Preheat oven to 350°F, rack in the middle. Lightly coat a 9-by-5-inch loaf pan with coconut oil and line its bottom with parchment paper. In a small bowl, whisk together chia seeds and filtered water. Set aside at room temperature for a minimum of 10 minutes, or until mixture forms a gel-like consistency.
In a large bowl, whisk together now gelled chia seeds with mashed banana, almond milk, coconut sugar, maple, coconut oil, and vanilla until well-combined. Stir in rolled oats, almond and rye flours, baking powder, salt, and cinnamon until mixture is just combined.
Transfer the batter to a prepared loaf pan, sprinkle with granola, and then bake for 60 to 75 minutes or until the loaf is golden and feels firm. Remove from oven, allow loaf to cool to room temperature before slicing, then serve and enjoy!
Nutritional Information (per slice): 360 Calories, 17g Fat, 49g Carbohydrates, 7.5g Fiber, 20.5g Sugar, 8g Protein
No-Bake Cinnamon-Sugar Doughnut Holes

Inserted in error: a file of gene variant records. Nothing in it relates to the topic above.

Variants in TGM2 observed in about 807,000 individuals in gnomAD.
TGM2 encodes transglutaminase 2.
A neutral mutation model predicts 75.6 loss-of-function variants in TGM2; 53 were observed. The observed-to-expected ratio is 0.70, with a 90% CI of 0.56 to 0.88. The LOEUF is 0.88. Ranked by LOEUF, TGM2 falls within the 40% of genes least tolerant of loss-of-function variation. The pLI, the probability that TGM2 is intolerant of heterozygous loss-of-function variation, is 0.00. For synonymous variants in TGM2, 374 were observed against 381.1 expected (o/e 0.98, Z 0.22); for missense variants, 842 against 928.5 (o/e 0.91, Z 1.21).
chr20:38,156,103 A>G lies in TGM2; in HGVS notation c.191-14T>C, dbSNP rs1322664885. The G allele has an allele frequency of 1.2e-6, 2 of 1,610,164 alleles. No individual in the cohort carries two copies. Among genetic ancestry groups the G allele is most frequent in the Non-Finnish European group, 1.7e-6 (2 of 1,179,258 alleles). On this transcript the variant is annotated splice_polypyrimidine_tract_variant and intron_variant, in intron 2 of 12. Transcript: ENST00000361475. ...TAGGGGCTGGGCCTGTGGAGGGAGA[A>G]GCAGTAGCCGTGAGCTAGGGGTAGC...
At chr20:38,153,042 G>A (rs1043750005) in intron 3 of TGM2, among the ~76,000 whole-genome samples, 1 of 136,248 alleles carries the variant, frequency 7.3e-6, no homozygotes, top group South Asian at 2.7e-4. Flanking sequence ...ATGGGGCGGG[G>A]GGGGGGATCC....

Makes 24 doughnut holes
- 3 cups rolled oats
- 1 ½ cups coconut flakes
- 16 medjool dates, pitted
- 1 cup almond butter
- ¾ cup maple syrup
- 2 tablespoons ground cinnamon, divided
- 1 teaspoon vanilla extract
- 2 tablespoons coconut sugar
In a food processor fitted with an S-blade, blend oats until very fine. Add coconut flakes, medjool dates, almond butter, maple, vanilla, and 1 tablespoon cinnamon, then pulse until ingredients form a uniformed dough. Remove from food processor.
Divide dough into 24 even pieces, then roll each piece into a ball.
In a small bowl combine remaining tablespoon cinnamon and coconut sugar. Gently roll each formed ball in the cinnamon sugar mixture until well-coated, shaking off excess as you go. Refrigerate in airtight Tupperware for up to one week, or frozen for up to one month.
Nutritional Information (per doughnut hole): 210 Calories, 10.5g Fat, 30g Carbohydrates, 3g Fiber, 18.5g Sugar, 3.5g Protein
Berry Sunshine Smoothie
Makes 2 smoothie bowls
- 2 ripe bananas, peeled and frozen
- 1 cup mixed summer berries, frozen
- 2 tablespoons almond butter
- 1 tablespoon chia seeds
- 1 to 2 cups unsweetened almond milk
- If serving in a bowl: top with coconut flakes, fresh berries, and an extra dollop of nut butter
In a high-speed blender, whiz all ingredients until very smooth. Smoothie will be on the thicker side, ideal for pouring into your favorite bowl and munching on with a spoon. To make your smoothies shippable (aka: one hand friendly for when you're holding babe), add an additional 1 cup milk while blending. Divide evenly between two bowls or cups, serve, and enjoy!
Nutritional Information (per smoothie): 285 Calories, 12g Fat, 43g Carbohydrates, 10g Fiber, 21g Sugar, 6.5g Protein